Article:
Section G.7 of the UIIA, provides that the laws of Maryland "shall govern the validity, construction, enforcement and interpretation of this Agreement without regard to conflicts of law principles." Wilshire contests neither the enforceability of the choice-of-law clause nor its applicability to Wilshire's obligation under the UIIE-1 to insure claims that fall within section F.4 of the UIIA. Wilshire does dispute that Mediterranean is entitled to recover pre-notice defense costs under Maryland law, however.

In Sherwood Brands v. Hartford Accident and Indem. Co., the Maryland Court of Appeals held that in those cases of delayed notice where an insurer declines to defend on the erroneous basis that a claim is not covered by the policy, and thereby breaches its duty to defend, the insurer is liable for reasonable pre-notice fees and expenses incurred by the insured. 698 A.2d 1078, 1086--87 (Md. 1977). The Court explained that under Maryland law, an insurance policy provision requiring prompt notice is a covenant, not a condition, and the materiality of the covenant's breach is measured by the standard of actual prejudice to the insurer. The Court reasoned that in a situation where the insurer declines to defend on the erroneous basis that a claim is not covered by the policy, the timing of the notice by the insured is ordinarily irrelevant, because the insurer "would have declined the defense in any event based on its mistaken conclusion that there was no potential coverage [.]" Ibid. The Court concluded that under those circumstances, an "insurer should not later be allowed to use the delay as a bar to reimbursing the insured for the reasonable expenses incurred in defending the covered claim." Id. at 1087.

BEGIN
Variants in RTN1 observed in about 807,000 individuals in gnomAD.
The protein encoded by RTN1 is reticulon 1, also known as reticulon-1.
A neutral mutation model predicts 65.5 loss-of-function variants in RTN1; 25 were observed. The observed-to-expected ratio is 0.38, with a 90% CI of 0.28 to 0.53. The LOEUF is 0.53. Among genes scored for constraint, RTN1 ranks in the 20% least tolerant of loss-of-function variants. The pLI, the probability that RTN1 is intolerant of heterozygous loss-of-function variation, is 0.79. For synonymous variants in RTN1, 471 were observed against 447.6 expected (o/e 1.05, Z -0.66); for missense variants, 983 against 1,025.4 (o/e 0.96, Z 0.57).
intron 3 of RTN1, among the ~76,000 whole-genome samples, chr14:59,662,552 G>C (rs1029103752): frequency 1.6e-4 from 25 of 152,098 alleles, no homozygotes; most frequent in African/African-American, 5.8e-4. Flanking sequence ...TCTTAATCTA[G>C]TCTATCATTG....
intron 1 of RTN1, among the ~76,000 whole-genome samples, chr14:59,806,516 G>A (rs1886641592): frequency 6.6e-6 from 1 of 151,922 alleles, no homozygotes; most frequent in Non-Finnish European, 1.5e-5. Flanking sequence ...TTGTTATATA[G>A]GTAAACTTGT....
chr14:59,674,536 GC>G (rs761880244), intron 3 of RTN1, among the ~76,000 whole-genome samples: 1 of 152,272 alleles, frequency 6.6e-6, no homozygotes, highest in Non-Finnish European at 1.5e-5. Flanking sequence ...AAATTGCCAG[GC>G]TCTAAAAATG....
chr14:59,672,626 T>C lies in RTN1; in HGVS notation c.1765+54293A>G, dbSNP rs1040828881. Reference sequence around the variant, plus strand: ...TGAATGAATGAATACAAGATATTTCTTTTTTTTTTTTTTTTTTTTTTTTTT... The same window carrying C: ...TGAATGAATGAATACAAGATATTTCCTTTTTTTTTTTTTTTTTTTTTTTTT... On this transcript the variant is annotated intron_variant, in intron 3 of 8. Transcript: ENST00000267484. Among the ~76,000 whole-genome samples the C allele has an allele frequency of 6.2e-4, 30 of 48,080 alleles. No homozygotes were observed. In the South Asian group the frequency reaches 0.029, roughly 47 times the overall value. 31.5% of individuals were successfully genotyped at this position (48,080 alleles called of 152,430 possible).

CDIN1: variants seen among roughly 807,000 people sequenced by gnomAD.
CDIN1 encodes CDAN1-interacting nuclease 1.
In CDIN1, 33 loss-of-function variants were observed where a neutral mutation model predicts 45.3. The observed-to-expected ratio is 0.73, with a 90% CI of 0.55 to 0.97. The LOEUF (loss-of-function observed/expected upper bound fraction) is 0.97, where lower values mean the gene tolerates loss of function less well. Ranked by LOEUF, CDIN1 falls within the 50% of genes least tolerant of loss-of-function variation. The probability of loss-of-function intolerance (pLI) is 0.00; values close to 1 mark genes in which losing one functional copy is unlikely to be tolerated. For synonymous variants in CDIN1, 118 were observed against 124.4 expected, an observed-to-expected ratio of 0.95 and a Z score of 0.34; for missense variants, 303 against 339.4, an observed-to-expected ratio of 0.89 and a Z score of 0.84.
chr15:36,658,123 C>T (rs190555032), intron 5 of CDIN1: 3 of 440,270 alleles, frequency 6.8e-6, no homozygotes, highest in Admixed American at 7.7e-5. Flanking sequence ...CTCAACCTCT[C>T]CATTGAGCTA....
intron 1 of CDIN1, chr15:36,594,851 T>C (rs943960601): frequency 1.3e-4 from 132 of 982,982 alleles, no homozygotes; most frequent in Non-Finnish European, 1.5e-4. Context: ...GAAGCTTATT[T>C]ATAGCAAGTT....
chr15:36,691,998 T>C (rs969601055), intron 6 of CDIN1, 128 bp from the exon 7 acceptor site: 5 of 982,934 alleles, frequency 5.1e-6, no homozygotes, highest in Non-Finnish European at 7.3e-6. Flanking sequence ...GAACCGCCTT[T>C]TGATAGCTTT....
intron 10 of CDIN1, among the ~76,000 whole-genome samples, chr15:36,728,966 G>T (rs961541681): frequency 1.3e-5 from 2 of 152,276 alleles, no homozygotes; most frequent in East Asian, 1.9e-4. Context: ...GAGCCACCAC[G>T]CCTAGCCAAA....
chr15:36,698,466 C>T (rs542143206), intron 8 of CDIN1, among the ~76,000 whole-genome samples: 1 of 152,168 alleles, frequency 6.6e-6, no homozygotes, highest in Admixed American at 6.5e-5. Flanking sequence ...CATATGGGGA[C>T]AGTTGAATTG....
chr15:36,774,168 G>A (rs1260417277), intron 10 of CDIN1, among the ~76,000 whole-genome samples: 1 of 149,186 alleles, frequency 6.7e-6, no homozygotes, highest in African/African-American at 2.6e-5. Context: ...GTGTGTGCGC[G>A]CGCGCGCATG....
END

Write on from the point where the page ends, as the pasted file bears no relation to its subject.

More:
Wilshire asserts that Sherwood Brands is distinguishable for two reasons: unlike the claimant in Sherwood Brands, here Mediterranean is not Wilshire's insured; and, Sherwood Brands did not involve the UIIA. We find those distinctions unpersuasive. Although Mediterranean is not a named insured under the Wilshire policy, Mediterranean is an additional insured. More significantly, Wilshire has not asserted that Mediterranean lacks standing to enforce either the UIIA indemnification clause or the provisions of Wilshire's insurance policy.

Additionally, Wilshire has not explained its assertion that Sherwood Brands is distinguishable because it did not involve a UIIA. We fail to see the significance of such a distinction. When the terms of an insurance policy obligate an insurer to provide a defense against specified claims, it does not matter whether the claims are based upon contractual indemnification or some other insured risk. Here, Larimar contracted in the UIIA to defend, hold harmless, and indemnify providers such as Mediterranean against certain claims. Wilshire, through the UIIE-1, insured Larimar's contractual obligation to defend and indemnify such providers. Wilshire was therefore required to provide a defense to Mediterranean and the breach of its duty to defend entitled Mediterranean to recover its reasonable defense costs from Wilshire.

For the foregoing reasons, we remand this matter to the trial court to determine the reasonableness of Mediterranean's pre-notice defense fees and costs.

Affirmed in part, reversed in part, and remanded for further proceedings. We do not retain jurisdiction.